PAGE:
After the Allied bombing of Hamburg in July 1943, operations essential to the war effort were relocated to the surrounding area. This was the reason why the Philips-Valvo valve plant in Hamburg-Lokstedt also outsourced parts of its production to an empty section of a leather factory in Horneburg. Between October 1944 and February 1945, approximately 200 Hungarian Jews and 50 Dutch women were forced to manufacture valves for radios, telecommunications equipment as well as light bulbs and other products for submarines. Some women - especially the Dutch - were also deployed to work at the port of Horneburg. The Jewish women from Hungary had been taken to Horneburg via Auschwitz-Birkenau, while the Dutch women came via Ravensbrück concentration camp. In mid-February 1945, the SS transported the women to the Porta Westfalica satellite camp for women. The commander of the Horneburg satellite camp for women in 1944/45 was SS-Unterscharführer Peter Klaus Friedrich Hansen.

On 24 February 1945, the camp received another transport of prisoners: 300 Jewish women from Hungary who had previously been imprisoned in the Weißwasser camp (a satellite camp of Groß-Rosen concentration camp) and in Auschwitz. In Horneburg, these women were forced to manufacture valves and light bulbs for Philips-Valvo, just as they had done in Weißwasser. On 8 April, the women were transported by rail to Bergen-Belsen, where they arrived on 11 April.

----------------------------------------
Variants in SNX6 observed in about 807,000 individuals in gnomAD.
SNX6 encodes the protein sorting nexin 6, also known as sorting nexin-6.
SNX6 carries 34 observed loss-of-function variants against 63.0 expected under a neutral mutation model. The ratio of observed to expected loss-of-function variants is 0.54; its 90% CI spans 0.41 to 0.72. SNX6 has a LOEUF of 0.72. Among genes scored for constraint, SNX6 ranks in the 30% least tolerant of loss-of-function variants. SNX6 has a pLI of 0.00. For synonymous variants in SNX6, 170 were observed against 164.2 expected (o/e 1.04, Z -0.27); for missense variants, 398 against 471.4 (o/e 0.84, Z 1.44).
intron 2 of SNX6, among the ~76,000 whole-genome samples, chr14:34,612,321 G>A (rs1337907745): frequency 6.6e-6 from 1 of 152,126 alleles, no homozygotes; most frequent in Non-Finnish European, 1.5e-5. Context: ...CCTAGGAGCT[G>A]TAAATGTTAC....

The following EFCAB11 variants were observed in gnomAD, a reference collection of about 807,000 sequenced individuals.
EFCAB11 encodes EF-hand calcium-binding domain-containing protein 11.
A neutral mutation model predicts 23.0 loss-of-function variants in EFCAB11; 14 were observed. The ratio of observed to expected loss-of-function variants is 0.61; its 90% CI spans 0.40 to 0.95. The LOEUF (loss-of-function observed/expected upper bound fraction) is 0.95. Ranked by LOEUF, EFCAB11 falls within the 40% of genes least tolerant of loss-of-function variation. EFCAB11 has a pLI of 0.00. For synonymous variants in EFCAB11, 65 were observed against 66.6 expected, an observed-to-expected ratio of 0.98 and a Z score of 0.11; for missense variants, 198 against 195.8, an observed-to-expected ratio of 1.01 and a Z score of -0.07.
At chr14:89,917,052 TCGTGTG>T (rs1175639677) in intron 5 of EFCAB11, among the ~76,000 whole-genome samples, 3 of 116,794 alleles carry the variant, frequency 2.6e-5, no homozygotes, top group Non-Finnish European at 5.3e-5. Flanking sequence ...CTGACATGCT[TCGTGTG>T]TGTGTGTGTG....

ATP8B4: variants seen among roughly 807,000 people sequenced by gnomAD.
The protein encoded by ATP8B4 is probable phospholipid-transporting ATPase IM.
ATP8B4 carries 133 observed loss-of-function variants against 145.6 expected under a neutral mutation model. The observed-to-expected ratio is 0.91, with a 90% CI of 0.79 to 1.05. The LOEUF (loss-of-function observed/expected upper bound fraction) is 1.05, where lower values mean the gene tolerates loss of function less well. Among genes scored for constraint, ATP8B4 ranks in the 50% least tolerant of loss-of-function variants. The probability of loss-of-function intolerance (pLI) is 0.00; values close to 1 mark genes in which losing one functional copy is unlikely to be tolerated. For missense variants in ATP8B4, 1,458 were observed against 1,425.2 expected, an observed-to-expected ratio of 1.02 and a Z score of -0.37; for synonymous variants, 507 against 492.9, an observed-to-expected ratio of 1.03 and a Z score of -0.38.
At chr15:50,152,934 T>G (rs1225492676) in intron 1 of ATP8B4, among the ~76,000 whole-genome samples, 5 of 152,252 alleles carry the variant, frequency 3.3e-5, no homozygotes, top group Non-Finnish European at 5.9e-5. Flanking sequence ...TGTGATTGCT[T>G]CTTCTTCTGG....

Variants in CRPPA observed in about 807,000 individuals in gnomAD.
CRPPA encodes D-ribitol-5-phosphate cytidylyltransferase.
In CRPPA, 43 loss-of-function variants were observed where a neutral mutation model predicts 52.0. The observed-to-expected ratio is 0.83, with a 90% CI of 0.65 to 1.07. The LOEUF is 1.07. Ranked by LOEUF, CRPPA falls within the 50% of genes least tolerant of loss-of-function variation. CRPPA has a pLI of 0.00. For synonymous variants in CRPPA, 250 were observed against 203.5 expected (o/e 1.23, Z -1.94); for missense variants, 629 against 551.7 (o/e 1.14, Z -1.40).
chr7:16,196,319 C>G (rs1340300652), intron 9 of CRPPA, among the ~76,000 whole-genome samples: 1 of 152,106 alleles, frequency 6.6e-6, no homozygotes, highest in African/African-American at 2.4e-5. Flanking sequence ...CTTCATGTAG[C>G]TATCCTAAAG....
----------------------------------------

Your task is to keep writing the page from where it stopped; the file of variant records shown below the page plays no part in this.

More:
a) mid-October 1944 to mid-February 1945 b) 24 February 1945 to 8 April 1945

Number of Prisoners

a) 250, b) 300

Kind of Work

Production of valves and light bulbs

Labor on Behalf of




Ecke Vordamm/Auedamm
21640 Horneburg

Directions by public transportation: 10 minutes by foot from Horneburg railway station


After long public debate, a memorial stone with a plaque was finally erected on 22 October 1997 at the site of the former satellite camp. The memorial was financed by private donations and initiated by private individuals and the Free Democratic Party of Horneburg.